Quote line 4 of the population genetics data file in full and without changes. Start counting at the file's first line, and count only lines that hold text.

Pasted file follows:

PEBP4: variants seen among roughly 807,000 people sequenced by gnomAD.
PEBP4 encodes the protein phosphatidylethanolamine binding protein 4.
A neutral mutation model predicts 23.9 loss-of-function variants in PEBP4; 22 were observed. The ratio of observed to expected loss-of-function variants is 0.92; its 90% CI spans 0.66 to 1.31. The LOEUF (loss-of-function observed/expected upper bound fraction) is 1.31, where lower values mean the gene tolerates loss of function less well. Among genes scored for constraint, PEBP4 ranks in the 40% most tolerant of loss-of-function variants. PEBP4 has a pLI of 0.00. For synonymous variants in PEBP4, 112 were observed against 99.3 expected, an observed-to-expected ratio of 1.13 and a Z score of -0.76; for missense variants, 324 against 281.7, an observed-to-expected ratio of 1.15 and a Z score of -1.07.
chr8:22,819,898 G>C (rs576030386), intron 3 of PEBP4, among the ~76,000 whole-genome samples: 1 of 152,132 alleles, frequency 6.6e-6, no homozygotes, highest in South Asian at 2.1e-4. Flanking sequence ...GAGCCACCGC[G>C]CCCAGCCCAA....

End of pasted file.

chr8:22,819,898 G>C (rs576030386), intron 3 of PEBP4, among the ~76,000 whole-genome samples: 1 of 152,132 alleles, frequency 6.6e-6, no homozygotes, highest in South Asian at 2.1e-4. Flanking sequence ...GAGCCACCGC[G>C]CCCAGCCCAA....